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'Grim conditions' put older tenants at risk in privately rented homes

Published 27/10/2016

Some elderly tenants have been struggling in homes with broken boilers, leaking taps and no cooking facilities, Age UK says
Some elderly tenants have been struggling in homes with broken boilers, leaking taps and no cooking facilities, Age UK says

Vulnerable older people endure shocking conditions in the private rental sector, leaving them at risk of neglect, bullying and abuse, according to Age UK.

The charity warns that, with growing numbers of people renting into their old age, urgent reforms are needed to make sure older tenants are not living in "squalor".

It has seen cases involving privately rented homes with only an outside toilet, homes with broken boilers and leaking taps and homes left without cooking facilities for months.

Some family members of those renting told Age UK they thought the landlord was waiting for the tenant to die before taking action to improve the property.

Calls to Age UK's advice line between 2013 and 2016 revealed that at the bottom end of the rental market, some tenants were living in damp, mouldy and cold conditions - potentially making health problems worse.

Some tenants feared eviction if they challenged their landlord over the poor conditions and there were also reports of over-the-top rent rises being imposed if necessary improvements were made.

Age UK has also seen cases of landlords refusing to allow the installation of aids and adaptations, such as ramps or handrails, needed by some older people.

Older tenants also said they were feeling harassed and bullied into leaving a property because their landlord wanted to sell.

The charity wants to see more resources for local environmental health services, better access to adaptations for older people and more housing advice made available.

Caroline Abrahams, charity director of Age UK said: "Calls to our advice line show that some highly vulnerable older people are enduring grim living conditions in the private rented sector and this is truly shocking.

"No one should have to put up with such squalor at any age, but the idea that a chronically ill older person could be living on their own for weeks or even months with no proper heating, or cooking facilities or hot water is sickening.

"The law is far too feeble and the withering away of local environmental health services is making the problem worse. The upshot is that older tenants in the private sector are almost entirely reliant on the decency and professionalism of landlords and letting agents, and sadly this is leaving some at risk of neglect and in the worse cases of bullying and abuse."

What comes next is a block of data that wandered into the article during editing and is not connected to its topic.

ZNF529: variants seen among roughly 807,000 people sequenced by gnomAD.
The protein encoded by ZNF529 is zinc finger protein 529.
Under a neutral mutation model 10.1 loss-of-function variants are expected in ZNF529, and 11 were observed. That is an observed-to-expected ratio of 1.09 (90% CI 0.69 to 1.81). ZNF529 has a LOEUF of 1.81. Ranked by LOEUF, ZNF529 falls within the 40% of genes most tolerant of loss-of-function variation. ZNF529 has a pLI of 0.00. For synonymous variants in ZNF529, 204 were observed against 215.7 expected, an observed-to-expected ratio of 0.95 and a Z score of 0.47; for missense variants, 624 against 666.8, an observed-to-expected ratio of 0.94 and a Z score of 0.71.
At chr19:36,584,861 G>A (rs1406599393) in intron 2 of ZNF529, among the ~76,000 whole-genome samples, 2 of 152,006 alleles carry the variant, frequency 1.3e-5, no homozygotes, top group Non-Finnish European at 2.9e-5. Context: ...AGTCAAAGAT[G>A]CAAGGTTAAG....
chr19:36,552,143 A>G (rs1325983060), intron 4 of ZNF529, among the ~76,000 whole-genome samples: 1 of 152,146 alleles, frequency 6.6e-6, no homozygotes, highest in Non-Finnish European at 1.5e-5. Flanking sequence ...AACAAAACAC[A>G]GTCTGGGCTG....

She said the poor practice that older people have described to Age UK " is an embarrassment to the many decent private sector landlords".

In one case seen by Age UK, a woman with health problems who had lived in the same rental property for over 50 years had a broken boiler and a leaking tap that caused occasional flooding.

In another case, a housebound man was renting a home with an outside toilet and no bathroom, with the only running water being in the kitchen and the only heating coming from an electric radiator. He was paying £590 a month.

In another case seen by Age UK, a man was left without cooking facilities for several months.

The charity has also spoken to a man with terminal cancer, who paid for improvements to his rented home himself as he did not want to "rock the boat".

Commenting on the findings, Chris Norris, head of policy at the National Landlords Association (NLA), said: "There is no denying that a small proportion of landlords fail to meet their obligations towards their tenants, regardless of age or wellbeing.

"This is unacceptable and the NLA would like to see local authorities and enforcement agencies take a harder line with poorly performing landlords, who give professional providers of housing a bad name.

"Unfortunately, many older households are much more likely to have tenancy agreements which pre-date increased protections for tenants that were introduced in the late 1980s."

He said that, with taxation changes pushing up landlords' costs, there was concern that more households reliant on the private sector would not be able to find the homes they needed, "potentially forcing them to leave communities they have known and contributed to for decades".

A Department for Communities and Local Government (DCLG) spokesman said the Government is determined to protect the most vulnerable people.

He said: "W e've given councils £12 million to crack down on rogue landlords, with nearly 70,000 properties inspected and over 5,000 landlords facing further enforcement action or prosecution.

"We're also introducing banning orders, fines and blacklists, and have introduced legislation to protect tenants from being evicted when they have a legitimate complaint about a property."

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